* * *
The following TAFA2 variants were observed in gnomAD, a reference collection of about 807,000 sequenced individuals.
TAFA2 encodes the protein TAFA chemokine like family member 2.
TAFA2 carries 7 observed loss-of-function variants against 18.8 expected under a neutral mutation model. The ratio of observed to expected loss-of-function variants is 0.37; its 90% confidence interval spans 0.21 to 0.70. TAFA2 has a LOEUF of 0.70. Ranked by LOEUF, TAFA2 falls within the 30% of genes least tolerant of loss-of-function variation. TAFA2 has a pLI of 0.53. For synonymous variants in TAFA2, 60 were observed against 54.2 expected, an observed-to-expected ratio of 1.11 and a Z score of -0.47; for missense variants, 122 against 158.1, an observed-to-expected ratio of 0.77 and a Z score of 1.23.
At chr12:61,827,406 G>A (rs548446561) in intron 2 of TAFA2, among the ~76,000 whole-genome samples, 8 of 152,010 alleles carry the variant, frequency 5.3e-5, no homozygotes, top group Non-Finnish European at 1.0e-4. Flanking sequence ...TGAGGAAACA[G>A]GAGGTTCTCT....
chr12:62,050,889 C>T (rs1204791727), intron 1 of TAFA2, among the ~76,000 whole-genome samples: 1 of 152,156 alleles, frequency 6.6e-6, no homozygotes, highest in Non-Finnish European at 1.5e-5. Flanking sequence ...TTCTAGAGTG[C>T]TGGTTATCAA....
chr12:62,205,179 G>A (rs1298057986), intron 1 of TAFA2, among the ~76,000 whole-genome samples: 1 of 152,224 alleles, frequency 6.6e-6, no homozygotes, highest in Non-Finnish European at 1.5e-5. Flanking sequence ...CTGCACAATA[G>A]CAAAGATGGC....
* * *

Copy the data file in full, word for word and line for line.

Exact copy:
The following TAFA2 variants were observed in gnomAD, a reference collection of about 807,000 sequenced individuals.
TAFA2 encodes the protein TAFA chemokine like family member 2.
TAFA2 carries 7 observed loss-of-function variants against 18.8 expected under a neutral mutation model. The ratio of observed to expected loss-of-function variants is 0.37; its 90% confidence interval spans 0.21 to 0.70. TAFA2 has a LOEUF of 0.70. Ranked by LOEUF, TAFA2 falls within the 30% of genes least tolerant of loss-of-function variation. TAFA2 has a pLI of 0.53. For synonymous variants in TAFA2, 60 were observed against 54.2 expected, an observed-to-expected ratio of 1.11 and a Z score of -0.47; for missense variants, 122 against 158.1, an observed-to-expected ratio of 0.77 and a Z score of 1.23.
At chr12:61,827,406 G>A (rs548446561) in intron 2 of TAFA2, among the ~76,000 whole-genome samples, 8 of 152,010 alleles carry the variant, frequency 5.3e-5, no homozygotes, top group Non-Finnish European at 1.0e-4. Flanking sequence ...TGAGGAAACA[G>A]GAGGTTCTCT....
chr12:62,050,889 C>T (rs1204791727), intron 1 of TAFA2, among the ~76,000 whole-genome samples: 1 of 152,156 alleles, frequency 6.6e-6, no homozygotes, highest in Non-Finnish European at 1.5e-5. Flanking sequence ...TTCTAGAGTG[C>T]TGGTTATCAA....
chr12:62,205,179 G>A (rs1298057986), intron 1 of TAFA2, among the ~76,000 whole-genome samples: 1 of 152,224 alleles, frequency 6.6e-6, no homozygotes, highest in Non-Finnish European at 1.5e-5. Flanking sequence ...CTGCACAATA[G>A]CAAAGATGGC....